Environmentalists React To Regional Proposal To Cut Carbon Emissions

Aug 25, 2017

Local environmental groups are pleased with a new proposal from the Regional Greenhouse Gas Initiative to reduce the amount of carbon emissions in New England, but some think the plan should be more ambitious.


Nine states, including Rhode Island and Massachusetts, finished their latest review of RGGI, a program that limits the amount of carbon pollution emitted by power plants in participating states. 

RGGI states announced a proposal Wednesday to reduce carbon emissions 30 percent by 2030, relative to 2020 emission levels. Starting in 2021, the states will cap carbon emissions at about 75 million tons a year. That cap will decrease three percent every year for the next decade. 

Peter Shattuck, director of the clean energy initiative for Acadia Center, said this proposal is what climate leadership looks like.

"(Rhode Island) Governor Raimondo and other governors have really stepped up to fill the void of the Trump administration’s misguided and irresponsible decision to roll back all our major climate policies (and) to withdraw from the Paris Climate Agreement," Shattuck said. 

The Nature Conservancy in Rhode Island released a statement in support of the new plan.

"This is the most effective and practical path toward mitigating effects of climate change for this region, and it is both timely and urgently needed,” John Torgan, state director for the conservancy, said.

Ben Hellerstein, state director for Environment Massachusetts, agreed that the proposal is a significant climate victory, but said the pollution reduction goals could be stronger.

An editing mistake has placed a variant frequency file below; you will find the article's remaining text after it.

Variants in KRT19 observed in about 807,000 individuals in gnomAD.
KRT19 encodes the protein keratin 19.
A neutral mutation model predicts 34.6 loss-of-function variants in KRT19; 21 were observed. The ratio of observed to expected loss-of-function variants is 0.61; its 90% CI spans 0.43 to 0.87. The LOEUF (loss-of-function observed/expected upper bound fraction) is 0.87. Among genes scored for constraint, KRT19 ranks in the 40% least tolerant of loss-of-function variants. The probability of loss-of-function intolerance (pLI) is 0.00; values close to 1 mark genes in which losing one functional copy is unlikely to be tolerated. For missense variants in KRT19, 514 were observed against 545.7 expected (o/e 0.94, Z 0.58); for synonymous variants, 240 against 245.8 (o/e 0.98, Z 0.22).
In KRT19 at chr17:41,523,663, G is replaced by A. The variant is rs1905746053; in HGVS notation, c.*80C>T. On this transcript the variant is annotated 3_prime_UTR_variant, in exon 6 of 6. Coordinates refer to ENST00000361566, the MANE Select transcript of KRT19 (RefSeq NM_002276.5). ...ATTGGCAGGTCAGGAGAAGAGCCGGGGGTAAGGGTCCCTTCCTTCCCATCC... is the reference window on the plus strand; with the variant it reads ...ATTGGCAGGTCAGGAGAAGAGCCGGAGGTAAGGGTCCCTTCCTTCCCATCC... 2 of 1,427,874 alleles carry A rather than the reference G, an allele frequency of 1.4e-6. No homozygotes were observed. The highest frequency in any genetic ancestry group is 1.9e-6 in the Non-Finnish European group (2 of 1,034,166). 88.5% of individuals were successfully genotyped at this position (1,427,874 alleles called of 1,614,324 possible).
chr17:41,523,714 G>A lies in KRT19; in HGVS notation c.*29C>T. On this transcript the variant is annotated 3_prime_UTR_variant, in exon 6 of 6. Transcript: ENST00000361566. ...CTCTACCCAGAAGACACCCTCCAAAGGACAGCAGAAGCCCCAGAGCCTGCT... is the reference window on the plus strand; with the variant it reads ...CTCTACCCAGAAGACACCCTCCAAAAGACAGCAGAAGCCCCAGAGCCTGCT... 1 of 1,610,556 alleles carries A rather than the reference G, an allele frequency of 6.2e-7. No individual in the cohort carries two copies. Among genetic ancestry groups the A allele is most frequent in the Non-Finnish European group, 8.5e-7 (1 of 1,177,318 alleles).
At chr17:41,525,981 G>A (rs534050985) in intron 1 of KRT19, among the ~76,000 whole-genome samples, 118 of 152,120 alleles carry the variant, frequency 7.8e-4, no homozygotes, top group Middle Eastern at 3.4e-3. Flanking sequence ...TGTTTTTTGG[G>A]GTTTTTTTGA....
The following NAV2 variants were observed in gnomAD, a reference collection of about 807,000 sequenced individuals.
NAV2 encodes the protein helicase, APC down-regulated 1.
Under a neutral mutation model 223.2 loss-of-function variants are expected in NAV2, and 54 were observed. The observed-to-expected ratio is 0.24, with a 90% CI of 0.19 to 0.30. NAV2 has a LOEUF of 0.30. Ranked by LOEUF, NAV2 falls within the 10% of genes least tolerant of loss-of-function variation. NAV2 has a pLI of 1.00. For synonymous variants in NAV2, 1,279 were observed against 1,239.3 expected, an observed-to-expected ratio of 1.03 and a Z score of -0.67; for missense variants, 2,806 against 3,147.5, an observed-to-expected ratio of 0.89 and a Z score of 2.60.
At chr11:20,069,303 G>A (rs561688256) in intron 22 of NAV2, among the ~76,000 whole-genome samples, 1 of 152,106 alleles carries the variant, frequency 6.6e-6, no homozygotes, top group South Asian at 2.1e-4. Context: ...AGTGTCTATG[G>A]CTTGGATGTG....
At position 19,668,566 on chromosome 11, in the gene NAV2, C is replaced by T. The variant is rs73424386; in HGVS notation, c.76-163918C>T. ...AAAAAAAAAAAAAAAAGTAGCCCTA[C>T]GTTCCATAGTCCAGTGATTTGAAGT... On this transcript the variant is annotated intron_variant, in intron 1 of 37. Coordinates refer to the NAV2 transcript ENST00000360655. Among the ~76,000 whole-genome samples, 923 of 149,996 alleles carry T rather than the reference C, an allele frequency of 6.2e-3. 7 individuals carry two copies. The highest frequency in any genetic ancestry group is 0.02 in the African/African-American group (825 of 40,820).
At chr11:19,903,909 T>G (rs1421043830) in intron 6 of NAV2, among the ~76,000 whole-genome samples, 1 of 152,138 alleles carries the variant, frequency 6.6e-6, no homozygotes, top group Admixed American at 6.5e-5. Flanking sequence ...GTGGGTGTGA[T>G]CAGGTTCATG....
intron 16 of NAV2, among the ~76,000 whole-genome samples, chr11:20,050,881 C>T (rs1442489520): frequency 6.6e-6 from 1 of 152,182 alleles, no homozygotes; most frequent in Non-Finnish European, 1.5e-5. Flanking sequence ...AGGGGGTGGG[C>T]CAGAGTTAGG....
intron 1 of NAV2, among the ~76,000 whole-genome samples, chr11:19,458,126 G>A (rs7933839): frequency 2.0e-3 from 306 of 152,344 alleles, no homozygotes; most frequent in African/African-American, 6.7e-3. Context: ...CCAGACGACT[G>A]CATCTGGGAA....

"What we are advocating for is a 50 percent cut by 2030, which would put us on a more rapid path to increase renewable energy like solar and wind," Hellerstein said. 

Hellerstein added the RGGI program requires power plant companies to buy permits for their emissions, and states use that money to invest into energy efficiency, such as funding rebates for energy-efficient appliances and weatherization of homes. He said a more ambitious cap could allow states to invest even more into green initiatives.

Since RGGI’s start in 2009, carbon pollution in participating states has gone down more than 40 percent. 

If the proposal is passed, by 2030, at least 132 million more tons of carbon pollution will be avoided, the equivalent of one-year's worth of pollution from more than 25 million cars, according to the Natural Resources Defense Council.  

From 2008 to 2015, RGGI states have seen 3.6 percent more economic growth than non-RGGI states and electricity prices have gone down 3.4 percent regionally, according to a report by Acadia Center.

RGGI states will hold a public meeting for the proposal September 25 in Baltimore, Maryland to hear from stakeholders. 

The 2017 carbon emissions cap is 84.3 million tons a year and declines 2.5 percent until 2020.